Meet Angel Guerra: Market Collective Co-Founder

  Angela Dione & Angel Guerra; Photo Mike Tan.

Angela Dione & Angel Guerra; Photo Mike Tan.

Through volunteering I got the chance to meet the founders of Market Collective, Angel Guerra and Angela Dione. I was so happy to get to know them. They were so friendly and approachable, and you can really see the passion in everything they do. I reached out to them to see if they would be interested in doing an interview, and was so happy when they said yes that I actually cried. Normally when they do interviews, it's done from a general MC voice. This time around though, we are so lucky to see a more personal side - Angel has answered these questions based on her personal experiences through being a co-founder of one of the most successful markets in Calgary. I am so honoured she did so, and I hope you will be as inspired by her story and advice as I was.

When you started MC in 2008, what were your goals and hopes for the market? How have they changed since then?

Market Collective is very similar to the beginning days, it’s just a lot larger and more polished now. Through all of the changes and growth that we have experienced over the years, we have been able to maintain our original mission statement, which is to create a space for artists, artisans and musicians, and to strengthen the creative community in Calgary.

What drove you to take the leap to start this project, and to keep going when up against obstacles like the economy or no longer being allowed to use your original space?

I often think back to the very beginnings of Market Collective to try to identify what caused me to take a leap in starting this project, and I’m often at a loss. My love for people, accessible public community space and live local music were some of my first motivators. However, somewhere within the dreams and endless conversations that Angela and I had surrounding this project, it just started. I can’t necessarily identify choosing to do it, but I must have made the choice somewhere along the line. At the time I didn’t think of it as a risk, and I didn’t see it as the beginning of something huge. I just thought of it as an idea that I couldn’t shake, so together with Angela we began planning the first event.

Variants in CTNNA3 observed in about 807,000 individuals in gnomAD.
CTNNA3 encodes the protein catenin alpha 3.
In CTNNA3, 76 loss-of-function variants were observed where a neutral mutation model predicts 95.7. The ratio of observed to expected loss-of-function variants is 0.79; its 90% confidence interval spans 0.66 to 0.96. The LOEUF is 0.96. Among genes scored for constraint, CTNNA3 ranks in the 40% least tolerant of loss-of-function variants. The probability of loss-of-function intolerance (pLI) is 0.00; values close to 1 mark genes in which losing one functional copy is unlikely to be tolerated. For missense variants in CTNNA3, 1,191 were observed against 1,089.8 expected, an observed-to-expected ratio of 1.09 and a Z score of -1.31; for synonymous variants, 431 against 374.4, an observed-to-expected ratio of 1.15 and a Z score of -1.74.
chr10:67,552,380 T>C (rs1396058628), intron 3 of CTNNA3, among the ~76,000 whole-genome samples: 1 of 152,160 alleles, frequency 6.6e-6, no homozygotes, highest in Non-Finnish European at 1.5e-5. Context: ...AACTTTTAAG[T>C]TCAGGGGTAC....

Angel Guerra | Market Collective Interview

From the very start I was really excited about the Market Collective project, and excited about the endless places that it could take us. MC started up in 2008, and I had been planning to move to Vancouver in January 2009. Once 2009 had hit, we were a few markets in, and I decided to stay put in Calgary to see what MC might grow into.

At the time, this was a massive sacrifice for me, and so I had energy to tackle all of the obstacles that came in the way, because I didn’t want to see this sacrifice go to waste. We have had some pretty large battles in the past, such as losing our space in Kensington, but each and every challenge that we have faced has propelled us further.

Can you describe how much MC has grown since that first year?

Our first market we had a couple of musicians, 25 artists, and approximately 500 attendees. Lately we have been hosting approximately 80 artists and food vendors, a full line up of live local music, and around 8000 attendees for each MC weekend.

What have been some of your biggest successes? Biggest struggles?

I often think that one of our largest successes is the business and personal relationship that Angela and I have been able to sustain even through all of the ups and downs of Market Collective. This relationship has not come without set backs, but I am very pleased that we have been able to celebrate our similarities and tackle our differences over the past 7 years.

When you started, did you believe it would grow into what it is today? Now that we’re here, do you see it growing more?